We are looking at sustained winter temps of -20C and below, day and night. I know the 62mm Box will provide a hell of a lot of insulation but I really want a capable and not so noisy heating system that can keep the temps topped off automatically :)

We used three parallel equal length loops. This will give less temperature difference between the in and outlet.. also fold the loops inside each other so that you get a more uniform temperature...
Great insights into the underfloor loops, thanks! I was thinking of using the low profile (LoFlo) boards with 10mm pipework, should be easy enough to hook up to the coolant circuit but my thoughts revolve around pumps and regulation (thermostats), the control boards and pumps are all 230V and I assume the control board is using the pump as means of temp regulation. So do i even need a pump or will the furnace/engine provide enough pressure? Then I suppose I need the furnace to regulate heat in one go (hot water and heating). Not exactly finite control thou is it.. I think I need a design session with Eberspacher as the Webasto guys here in Norway had never done anything like this before..
 

joeblack5

Active member
Geo.lander. the TSL17 has it own 12 v or 24 v pump.. the reason for the floor heat was less energy use in fans and less noise.

We did use a large oversized radiator with computer fan in series with the floor heat. That helps with heating up from start.
There is a fphe with the engine loop. To run the engine directly thru the pex is dangerous because of the high temps and pressures. The bus has a separate engine coolant circulation pump. The floor heat also uses the non toxic glycol...the shower heat exchanger is parallel to the floor heat. Manual ball valves for isolation.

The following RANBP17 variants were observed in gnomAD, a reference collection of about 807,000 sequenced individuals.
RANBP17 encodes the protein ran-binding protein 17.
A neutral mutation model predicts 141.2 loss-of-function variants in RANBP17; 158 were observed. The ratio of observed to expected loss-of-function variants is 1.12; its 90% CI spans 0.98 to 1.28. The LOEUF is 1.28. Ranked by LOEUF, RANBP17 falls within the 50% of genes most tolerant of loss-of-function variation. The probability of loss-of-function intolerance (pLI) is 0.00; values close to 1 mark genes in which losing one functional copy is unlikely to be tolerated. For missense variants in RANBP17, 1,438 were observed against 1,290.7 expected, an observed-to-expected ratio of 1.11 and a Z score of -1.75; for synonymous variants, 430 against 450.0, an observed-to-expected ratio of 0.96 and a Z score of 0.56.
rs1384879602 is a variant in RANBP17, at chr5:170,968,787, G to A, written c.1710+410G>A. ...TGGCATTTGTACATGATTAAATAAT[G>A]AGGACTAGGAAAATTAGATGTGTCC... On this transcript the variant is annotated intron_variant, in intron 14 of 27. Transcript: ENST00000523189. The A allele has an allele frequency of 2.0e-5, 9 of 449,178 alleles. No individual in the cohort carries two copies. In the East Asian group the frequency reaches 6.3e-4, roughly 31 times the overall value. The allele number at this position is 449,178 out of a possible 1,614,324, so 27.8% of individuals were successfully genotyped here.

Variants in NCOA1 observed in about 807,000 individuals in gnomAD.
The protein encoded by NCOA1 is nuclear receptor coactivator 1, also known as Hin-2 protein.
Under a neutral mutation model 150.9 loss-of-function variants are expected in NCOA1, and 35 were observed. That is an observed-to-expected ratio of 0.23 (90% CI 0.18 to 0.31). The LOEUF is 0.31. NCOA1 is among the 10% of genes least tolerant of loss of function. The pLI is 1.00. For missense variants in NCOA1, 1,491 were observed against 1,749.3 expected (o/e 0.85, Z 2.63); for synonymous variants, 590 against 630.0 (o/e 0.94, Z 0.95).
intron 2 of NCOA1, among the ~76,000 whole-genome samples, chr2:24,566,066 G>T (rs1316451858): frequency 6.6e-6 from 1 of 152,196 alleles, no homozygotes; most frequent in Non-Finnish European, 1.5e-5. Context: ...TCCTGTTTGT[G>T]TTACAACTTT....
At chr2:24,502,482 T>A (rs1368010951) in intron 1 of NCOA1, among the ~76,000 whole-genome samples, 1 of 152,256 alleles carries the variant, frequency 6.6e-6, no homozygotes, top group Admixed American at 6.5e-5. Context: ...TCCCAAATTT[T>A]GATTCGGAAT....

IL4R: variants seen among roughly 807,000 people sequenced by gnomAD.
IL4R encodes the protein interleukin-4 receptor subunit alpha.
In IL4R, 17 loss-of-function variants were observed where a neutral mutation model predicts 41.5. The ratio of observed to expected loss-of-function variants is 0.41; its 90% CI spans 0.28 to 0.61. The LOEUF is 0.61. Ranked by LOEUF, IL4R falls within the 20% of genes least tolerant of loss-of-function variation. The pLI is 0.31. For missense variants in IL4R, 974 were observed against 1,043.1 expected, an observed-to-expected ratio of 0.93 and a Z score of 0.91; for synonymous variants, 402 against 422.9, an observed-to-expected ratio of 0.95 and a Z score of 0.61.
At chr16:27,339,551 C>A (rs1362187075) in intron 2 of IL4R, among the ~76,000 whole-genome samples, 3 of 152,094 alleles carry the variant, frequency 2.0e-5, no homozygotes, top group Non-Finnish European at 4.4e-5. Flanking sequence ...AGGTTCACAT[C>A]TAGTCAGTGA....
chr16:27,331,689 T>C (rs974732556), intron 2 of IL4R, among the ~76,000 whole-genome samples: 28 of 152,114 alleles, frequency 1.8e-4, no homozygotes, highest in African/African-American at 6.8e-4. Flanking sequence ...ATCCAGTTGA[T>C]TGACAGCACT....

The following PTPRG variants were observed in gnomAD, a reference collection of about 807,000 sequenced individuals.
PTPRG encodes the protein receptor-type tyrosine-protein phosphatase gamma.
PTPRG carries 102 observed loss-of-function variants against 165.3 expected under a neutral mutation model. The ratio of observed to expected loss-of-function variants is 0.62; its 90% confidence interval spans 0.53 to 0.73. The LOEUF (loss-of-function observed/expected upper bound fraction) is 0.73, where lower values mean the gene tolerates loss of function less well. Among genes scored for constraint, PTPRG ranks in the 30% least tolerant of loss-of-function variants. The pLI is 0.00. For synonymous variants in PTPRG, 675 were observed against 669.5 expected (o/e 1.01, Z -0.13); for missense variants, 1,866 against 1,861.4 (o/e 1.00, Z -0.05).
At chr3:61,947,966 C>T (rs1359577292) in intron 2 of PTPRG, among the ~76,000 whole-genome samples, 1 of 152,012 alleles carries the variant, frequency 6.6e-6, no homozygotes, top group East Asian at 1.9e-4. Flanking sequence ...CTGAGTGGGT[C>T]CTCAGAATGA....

Good luck,

Johan
 

Alloy

Well-known member
Comments about cycling from too many BTU/Kw are correct. A heat calc is easy to do. There's lots of heat calcs online


Also want to run the system at the lowest possible temp. No need to heat glycol to 180F when 140F is enough. Hotter also means dealing with more expansion in the PEX.

Infloor should not be the same temperature as the radiators and hot water tank.

When using the expander tool on Upunor PEX it's important keep rotating the tool. Good chance the connections will leak if you don't.

Balancing can be done with valves or in a reverse return method but this require more piping.




A small plate heat exchanger can be used to separate the engine from the box.

Standard solenoid valve ope/close too quickly. Hydronic solenoid (zone) valves open/close slowly.

I ducted (wish we had hydronic but it would have taken weeks retrofit) the forced air system so the bathroom can be heated separately. Temps right now are 1C to 3C. For the last week the bathroom is the only area being heated. When temps drop to -4C tommorow the furnace will be needed to keep things from freezing.